The tweet read: “Tragedy families need seats on Aer Lingus direct flight SFO-DUB on Sunday 6.21. If you would give your seat, call 415.816.0887.”
When asked about this last night Consul-General Philip Grant said: “That’s not for the families, it’s because a lot of students would like to go home in advance for the funerals.”
A joint funeral for two cousins, Ashley Donohue and Olivia Burke, who were among those killed, is due to take place tomorrow in St Joseph’s Church in Rohnert Park, about 90 minutes from Berkeley.
Afterwards, Dublin-born Olivia will be brought home to be laid to rest.
It is understood Aer Lingus has organised a flight to take home the deceased on Sunday, but some relatives are keen to fly on Saturday if at all possible.
Two of the seven injured students, Aoife Beary and Hannah Waters, were still fighting for their lives in hospital last night.
The Minister, who flew to San Francisco yesterday to offer support at the request of the Taoiseach, recalled what he and John Schuster - Niccolai's father - would have considered an everyday, innocuous conversation at Listowel Writer's week a fortnight ago.
“John, Nick’s father, spent his youth in Listowel. I knew them very well and John was down at Writers Week in Listowel, and we had a long conversation then.
“His other son Alexi was with him, and he did mention the fact that Nicky was a J1 student, but it was at Writer’s Week where a lot was happening. But they were very connected to Listowel,” said Minister Deenihan.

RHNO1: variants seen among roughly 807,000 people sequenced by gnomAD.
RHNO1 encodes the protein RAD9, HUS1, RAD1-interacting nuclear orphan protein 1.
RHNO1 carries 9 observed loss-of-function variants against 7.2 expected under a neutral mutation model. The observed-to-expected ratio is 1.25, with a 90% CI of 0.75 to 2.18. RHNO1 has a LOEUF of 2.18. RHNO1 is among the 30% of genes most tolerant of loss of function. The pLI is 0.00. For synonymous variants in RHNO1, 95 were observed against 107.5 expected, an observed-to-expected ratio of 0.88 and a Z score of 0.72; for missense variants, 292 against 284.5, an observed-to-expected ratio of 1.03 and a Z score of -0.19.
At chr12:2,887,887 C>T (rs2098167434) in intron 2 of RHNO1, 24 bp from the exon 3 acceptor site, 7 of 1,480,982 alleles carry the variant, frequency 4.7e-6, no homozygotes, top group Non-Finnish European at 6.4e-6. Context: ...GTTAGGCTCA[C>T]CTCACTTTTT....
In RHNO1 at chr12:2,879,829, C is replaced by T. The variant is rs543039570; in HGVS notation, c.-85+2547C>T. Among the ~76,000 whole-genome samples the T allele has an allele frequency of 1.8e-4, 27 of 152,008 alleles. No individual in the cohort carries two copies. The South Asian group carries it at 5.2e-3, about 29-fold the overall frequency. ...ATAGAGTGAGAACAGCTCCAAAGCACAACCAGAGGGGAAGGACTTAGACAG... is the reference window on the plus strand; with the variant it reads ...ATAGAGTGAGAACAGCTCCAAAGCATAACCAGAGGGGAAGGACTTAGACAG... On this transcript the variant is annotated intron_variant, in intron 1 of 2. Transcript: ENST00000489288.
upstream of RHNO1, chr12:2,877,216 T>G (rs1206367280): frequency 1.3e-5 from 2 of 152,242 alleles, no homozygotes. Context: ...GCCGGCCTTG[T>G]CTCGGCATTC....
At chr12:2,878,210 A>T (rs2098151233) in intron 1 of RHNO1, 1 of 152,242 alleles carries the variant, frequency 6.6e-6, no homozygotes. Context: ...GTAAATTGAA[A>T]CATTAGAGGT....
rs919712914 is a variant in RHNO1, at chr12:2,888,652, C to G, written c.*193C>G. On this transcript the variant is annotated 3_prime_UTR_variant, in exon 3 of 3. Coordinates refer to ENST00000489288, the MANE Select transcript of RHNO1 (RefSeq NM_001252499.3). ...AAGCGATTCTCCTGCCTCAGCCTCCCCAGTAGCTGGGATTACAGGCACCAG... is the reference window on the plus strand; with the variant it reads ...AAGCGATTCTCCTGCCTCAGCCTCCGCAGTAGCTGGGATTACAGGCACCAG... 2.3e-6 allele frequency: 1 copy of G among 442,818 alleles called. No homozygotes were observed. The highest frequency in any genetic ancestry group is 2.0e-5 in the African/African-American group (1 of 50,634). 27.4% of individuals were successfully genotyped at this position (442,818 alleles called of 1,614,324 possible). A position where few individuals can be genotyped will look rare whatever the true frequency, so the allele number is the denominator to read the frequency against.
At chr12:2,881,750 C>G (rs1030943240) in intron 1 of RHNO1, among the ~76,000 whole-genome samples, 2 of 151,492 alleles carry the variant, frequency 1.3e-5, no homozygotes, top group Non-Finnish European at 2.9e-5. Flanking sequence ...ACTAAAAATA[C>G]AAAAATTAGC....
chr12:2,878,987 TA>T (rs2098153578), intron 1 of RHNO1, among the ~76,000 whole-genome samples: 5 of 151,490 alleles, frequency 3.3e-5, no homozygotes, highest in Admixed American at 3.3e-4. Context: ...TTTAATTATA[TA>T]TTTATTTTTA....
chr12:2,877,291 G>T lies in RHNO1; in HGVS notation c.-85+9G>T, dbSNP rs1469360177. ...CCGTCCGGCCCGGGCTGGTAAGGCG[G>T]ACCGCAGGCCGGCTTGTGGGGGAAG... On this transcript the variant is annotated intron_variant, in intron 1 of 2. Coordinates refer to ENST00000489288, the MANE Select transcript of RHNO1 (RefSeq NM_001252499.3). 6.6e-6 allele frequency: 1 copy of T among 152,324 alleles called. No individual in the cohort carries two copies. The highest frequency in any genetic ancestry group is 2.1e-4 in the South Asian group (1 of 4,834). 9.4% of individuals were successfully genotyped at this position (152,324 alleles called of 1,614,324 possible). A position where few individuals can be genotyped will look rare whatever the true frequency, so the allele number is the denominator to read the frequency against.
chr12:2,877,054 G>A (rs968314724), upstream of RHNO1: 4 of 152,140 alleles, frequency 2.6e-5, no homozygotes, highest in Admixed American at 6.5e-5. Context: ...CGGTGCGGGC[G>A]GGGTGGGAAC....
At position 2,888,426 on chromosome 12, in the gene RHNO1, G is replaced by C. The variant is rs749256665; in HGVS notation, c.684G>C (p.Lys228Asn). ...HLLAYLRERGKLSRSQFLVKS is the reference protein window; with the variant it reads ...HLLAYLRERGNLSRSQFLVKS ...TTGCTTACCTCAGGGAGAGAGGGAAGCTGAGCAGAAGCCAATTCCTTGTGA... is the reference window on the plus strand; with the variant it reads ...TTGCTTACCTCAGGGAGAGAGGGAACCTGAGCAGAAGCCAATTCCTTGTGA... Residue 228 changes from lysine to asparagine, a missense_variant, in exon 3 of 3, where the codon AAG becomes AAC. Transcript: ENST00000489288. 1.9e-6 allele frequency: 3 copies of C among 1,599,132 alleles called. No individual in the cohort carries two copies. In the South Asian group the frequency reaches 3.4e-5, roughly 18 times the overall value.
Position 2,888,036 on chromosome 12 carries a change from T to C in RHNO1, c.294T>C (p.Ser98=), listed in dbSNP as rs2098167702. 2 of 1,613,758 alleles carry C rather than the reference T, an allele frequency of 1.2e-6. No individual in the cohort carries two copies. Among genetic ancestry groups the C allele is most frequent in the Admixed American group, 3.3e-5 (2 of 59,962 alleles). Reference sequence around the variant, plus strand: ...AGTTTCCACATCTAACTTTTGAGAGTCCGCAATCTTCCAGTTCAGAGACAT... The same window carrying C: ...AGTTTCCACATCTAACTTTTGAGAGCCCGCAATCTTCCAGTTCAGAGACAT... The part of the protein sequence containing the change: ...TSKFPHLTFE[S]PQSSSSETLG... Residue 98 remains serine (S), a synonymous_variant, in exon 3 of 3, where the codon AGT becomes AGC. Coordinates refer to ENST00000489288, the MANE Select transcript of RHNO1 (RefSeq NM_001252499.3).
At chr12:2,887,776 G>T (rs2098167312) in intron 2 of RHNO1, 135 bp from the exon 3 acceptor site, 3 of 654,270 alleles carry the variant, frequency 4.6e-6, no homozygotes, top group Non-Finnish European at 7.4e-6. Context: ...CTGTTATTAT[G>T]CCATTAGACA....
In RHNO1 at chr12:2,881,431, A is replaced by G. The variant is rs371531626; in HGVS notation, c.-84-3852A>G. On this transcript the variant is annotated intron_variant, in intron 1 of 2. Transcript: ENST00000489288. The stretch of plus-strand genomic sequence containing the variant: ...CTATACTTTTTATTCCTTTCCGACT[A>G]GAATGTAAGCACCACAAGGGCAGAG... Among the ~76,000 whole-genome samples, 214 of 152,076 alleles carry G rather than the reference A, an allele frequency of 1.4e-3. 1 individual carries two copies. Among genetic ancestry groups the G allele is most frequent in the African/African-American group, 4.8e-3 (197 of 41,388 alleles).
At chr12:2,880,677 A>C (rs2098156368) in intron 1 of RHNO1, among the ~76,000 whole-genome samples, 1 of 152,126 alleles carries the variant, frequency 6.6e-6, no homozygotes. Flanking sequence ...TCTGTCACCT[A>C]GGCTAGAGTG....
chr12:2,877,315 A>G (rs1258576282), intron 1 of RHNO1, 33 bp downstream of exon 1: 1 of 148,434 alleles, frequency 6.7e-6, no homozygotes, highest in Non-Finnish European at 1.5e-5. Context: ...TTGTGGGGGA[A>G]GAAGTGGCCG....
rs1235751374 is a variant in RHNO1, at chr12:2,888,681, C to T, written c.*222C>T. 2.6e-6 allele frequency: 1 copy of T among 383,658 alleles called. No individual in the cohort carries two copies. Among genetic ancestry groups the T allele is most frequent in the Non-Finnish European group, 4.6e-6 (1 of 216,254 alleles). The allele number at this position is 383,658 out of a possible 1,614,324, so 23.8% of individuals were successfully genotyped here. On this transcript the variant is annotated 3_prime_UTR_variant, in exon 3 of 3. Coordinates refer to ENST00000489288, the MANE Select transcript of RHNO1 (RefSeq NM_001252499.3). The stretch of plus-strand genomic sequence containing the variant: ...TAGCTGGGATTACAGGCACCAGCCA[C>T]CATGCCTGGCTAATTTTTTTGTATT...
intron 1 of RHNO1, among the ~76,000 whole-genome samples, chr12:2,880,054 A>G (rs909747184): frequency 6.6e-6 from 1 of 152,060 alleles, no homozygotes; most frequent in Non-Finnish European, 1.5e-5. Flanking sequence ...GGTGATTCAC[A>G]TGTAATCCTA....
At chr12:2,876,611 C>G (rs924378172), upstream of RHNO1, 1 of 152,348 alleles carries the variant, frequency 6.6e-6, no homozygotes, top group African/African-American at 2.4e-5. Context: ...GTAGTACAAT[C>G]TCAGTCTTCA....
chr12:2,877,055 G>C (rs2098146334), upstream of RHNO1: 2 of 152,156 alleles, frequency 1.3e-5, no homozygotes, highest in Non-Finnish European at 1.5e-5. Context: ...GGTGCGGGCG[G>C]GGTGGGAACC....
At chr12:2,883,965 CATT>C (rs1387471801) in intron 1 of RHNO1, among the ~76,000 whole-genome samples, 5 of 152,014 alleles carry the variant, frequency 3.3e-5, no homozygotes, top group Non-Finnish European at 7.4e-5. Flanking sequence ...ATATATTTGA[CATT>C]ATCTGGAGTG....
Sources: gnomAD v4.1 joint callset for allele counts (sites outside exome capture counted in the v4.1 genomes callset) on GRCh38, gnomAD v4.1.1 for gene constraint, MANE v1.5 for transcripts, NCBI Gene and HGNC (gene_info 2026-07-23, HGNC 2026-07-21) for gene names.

Meanwhile, the City of Berkeley Building Safety Department is to release documentation otday in relation to the planning and construction of the apartment block where the balcony collapsed.
The investigation in Berkeley is now focused on the water-proofing of eight critical wooden structural supports for the balcony that collapsed early on Tuesday morning.
Mayor Bates told reporters earlier this week he believed the wood had not been sealed properly and this may have led to moisture damage.
He said that appeared to be the primary cause of the tragedy - but later appeared to row back on the claims.
There have been several personal injury lawsuits over defective balconies in the greater San Francisco area in recent years, according to local legal experts.
The Library Gardens builder, Segue Construction, has rejected any suggestion two law suits against it of $3m and $3.5m over improper water-proofing of balconies in San Jose and Millbrae were in any way linked to the Berkeley incident.
Both lawsuits were settled by Segue after being taken by residents over wood rot.
"(They have) no bearing on this tragedy," Segue spokesman Sam Singer said. He said the cases involved totally different balcony types.
Authorities across San Francisco have ordered all timber-supported balconies be checked as a precaution.
The failed balcony is now in a secure storage area where the timber supports and waterproofing are undergoing rigorous engineering tests.
Meanwhile, Seque spokesman Mr Singer told Reuters overnight that his San Francisco-based public relations firm was "substantially reducing our role" representing the company, and referred further inquiries to Segue Construction President Erick Hockaday, who could not immediately be reached for comment.